O the light grey breeches
cast a gloom on us this year !
'Tis a thing not seen on us before,
one we dislike to keep on us;
and had we all been loyal
to the king who appealed to us,
we had not been seen till doomsday
submitting to this garment.
Dire is our plight that the young
should be in great adversity,
and that, where he ought to be established,
King George should be the occupant.
Well-informed people tell us
that he had no claim to London:
'tis in Hanover his kindred were
to us that man is a foreigner.
'Tis this king who had no ties with us,
that has woefully dishonoured us:
ere he enslave us utterly
'twere time to go to strive with him.
What disgust he caused us,
what annoyance and contention,
forcibly to disclothe us
by subjecting us to tyranny !
Since we adopted breeches,
that garb is not approved by us;
as round the houghs we tighten them,
it irks us to be clad in them.
Erstwhile we were mettlesome,
wearing tartan underneath the belts,
though nowadays, in general,
we put on the saddle cloths.
Methinks it is an ill reward
for the men who went campaigning
to deprive them of their raiment,
though by their help Duke William won.
We may not be jubilant
since our clothes transfigured us:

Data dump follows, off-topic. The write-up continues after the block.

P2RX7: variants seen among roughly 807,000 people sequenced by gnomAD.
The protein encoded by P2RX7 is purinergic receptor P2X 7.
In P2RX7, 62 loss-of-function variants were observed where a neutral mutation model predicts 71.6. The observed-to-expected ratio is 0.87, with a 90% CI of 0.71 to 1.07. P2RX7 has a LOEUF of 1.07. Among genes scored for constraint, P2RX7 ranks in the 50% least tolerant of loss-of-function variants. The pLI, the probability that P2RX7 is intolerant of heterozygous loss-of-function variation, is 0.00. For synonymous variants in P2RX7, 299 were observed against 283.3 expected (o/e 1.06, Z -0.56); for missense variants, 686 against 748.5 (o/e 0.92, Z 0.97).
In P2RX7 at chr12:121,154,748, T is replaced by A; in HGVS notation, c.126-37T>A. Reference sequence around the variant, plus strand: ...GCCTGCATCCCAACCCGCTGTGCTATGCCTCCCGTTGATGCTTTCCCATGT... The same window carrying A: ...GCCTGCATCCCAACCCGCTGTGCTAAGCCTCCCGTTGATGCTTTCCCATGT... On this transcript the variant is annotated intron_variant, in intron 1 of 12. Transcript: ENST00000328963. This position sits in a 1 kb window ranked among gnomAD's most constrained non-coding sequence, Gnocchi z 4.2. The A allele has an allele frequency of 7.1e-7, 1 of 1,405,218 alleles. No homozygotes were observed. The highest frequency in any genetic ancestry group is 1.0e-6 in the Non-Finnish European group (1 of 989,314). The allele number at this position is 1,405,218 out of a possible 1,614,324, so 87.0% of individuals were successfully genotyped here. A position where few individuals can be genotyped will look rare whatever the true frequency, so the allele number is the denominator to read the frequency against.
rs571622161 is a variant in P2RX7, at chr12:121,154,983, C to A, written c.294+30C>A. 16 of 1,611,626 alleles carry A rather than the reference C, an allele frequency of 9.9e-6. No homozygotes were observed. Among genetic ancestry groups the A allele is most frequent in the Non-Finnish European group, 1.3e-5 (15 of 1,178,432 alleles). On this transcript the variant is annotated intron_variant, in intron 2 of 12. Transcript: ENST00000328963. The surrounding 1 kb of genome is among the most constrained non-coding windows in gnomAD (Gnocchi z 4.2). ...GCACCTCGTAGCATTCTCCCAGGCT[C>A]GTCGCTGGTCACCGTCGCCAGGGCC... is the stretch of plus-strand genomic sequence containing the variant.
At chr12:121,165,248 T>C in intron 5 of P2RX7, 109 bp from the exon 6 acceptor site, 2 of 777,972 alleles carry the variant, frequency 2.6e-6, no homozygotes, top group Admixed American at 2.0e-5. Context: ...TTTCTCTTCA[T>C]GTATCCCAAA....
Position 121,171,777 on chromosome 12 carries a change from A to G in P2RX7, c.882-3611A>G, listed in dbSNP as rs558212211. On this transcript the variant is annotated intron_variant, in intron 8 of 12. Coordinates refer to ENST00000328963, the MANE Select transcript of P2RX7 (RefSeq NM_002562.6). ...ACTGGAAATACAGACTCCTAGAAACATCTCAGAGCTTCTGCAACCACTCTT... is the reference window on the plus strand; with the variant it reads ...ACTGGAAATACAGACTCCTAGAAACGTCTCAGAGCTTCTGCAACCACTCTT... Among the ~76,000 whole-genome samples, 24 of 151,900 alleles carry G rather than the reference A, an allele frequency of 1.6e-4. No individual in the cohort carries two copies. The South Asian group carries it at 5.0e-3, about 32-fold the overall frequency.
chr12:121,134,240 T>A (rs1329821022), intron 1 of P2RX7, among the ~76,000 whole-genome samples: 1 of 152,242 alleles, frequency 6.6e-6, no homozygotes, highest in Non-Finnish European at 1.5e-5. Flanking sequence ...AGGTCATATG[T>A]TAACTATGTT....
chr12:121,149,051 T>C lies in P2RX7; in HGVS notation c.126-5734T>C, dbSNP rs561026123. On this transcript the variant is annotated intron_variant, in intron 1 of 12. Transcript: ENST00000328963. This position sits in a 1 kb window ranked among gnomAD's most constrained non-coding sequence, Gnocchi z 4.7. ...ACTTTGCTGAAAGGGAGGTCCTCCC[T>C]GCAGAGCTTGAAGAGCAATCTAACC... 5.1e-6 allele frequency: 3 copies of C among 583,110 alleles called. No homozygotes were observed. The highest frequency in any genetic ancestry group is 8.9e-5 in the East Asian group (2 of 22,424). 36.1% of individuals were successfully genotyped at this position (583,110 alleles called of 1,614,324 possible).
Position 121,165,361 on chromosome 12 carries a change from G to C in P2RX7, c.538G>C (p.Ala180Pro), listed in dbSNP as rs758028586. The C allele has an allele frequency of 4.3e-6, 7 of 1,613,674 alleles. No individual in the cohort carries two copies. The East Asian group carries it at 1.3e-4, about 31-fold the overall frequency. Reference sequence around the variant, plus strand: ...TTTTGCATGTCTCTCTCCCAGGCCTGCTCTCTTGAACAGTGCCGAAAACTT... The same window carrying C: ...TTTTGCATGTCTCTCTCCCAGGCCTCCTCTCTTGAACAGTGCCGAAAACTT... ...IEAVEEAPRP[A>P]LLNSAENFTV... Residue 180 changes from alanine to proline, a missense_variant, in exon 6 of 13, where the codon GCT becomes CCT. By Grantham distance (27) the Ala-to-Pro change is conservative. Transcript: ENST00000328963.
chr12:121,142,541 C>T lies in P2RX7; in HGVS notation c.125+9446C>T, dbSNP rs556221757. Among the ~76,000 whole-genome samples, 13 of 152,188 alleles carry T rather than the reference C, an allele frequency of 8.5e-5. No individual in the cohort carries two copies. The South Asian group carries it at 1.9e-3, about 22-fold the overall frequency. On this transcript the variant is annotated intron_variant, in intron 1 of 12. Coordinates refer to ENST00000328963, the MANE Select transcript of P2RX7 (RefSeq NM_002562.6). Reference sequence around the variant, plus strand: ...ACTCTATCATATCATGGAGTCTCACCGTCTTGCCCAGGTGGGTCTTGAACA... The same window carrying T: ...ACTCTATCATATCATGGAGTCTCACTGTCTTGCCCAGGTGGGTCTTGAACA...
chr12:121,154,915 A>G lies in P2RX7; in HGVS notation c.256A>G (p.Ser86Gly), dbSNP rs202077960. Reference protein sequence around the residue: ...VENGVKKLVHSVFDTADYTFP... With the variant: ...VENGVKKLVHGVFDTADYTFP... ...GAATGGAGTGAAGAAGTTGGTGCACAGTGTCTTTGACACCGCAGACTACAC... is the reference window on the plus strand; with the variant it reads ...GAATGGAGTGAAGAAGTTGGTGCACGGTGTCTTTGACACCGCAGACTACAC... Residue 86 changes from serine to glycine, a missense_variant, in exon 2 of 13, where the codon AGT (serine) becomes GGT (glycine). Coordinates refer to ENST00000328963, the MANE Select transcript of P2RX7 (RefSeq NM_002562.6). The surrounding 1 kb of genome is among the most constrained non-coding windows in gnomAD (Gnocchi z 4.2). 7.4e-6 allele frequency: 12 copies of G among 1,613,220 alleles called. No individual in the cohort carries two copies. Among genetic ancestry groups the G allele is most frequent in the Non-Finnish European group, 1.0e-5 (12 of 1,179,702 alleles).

we do not know one another
on a day of fair or gathering.
There was a time in my career
when I could not think that I should don
breeches for apparel -
uncouth they are on anyone;
and even though I wear them
I have taken not the least delight
in the costume that was alien
to the people of whom I come.
'Tis an ill-omened garment,
we think it hideous on us,
and so tightly cut for us
that we would liefer have no more of it;
they have buttons at the knees
and buckles for their fastening,
and the breeches will be folded
round the hinder parts of every man.
We shall get hats of ebon black
to protect our head-pieces,
and long coats with their naps as sleek
as a mill could put a gloss on them;
though this might ward the cold from us,
it will not make us feel so smart
that it will please our gentry,
our tenants or our common folk;
it never will find favour with us
for tramping the moorland glens,
when we hied us to a shieling,
or any place where maids would be.
'Tis George has done the unfair thing,
and I am much incensed at him,
since he deprived us of the kilt
and all our native garments.
All members of Parliament
were wittingly perfidious,
when they imposed on the Campbells
the confinement of the breeches-
the very men who served them well
the year the insurrection came,
by their enlistment to a man
in the militia, for their cause;
and masterful, manly they were
what time the conflict continued;
but they will scarcely be heard of
encamping again with him.
Since he divested us of dress
and left us so uncared for,
I go he has done us every possible ill
he could think of, to depress us.
'Tis now we have experienced
the sympathy Duke William showed us,
when he has left us captive-like,
without dirks and without guns,
without a sword or shoulder-belt;
not even pistols can we get -
for England has control of us
since they subdued us utterly.
Now wroth and vexed are many men
who have been in Duke William's camp,
and are none the better of the fact
that he achieved the victory.
If Charles were to descend on us,
and we rose to take the field with him,
red-tinted tartans could be got,
and the guns would be forthhcoming.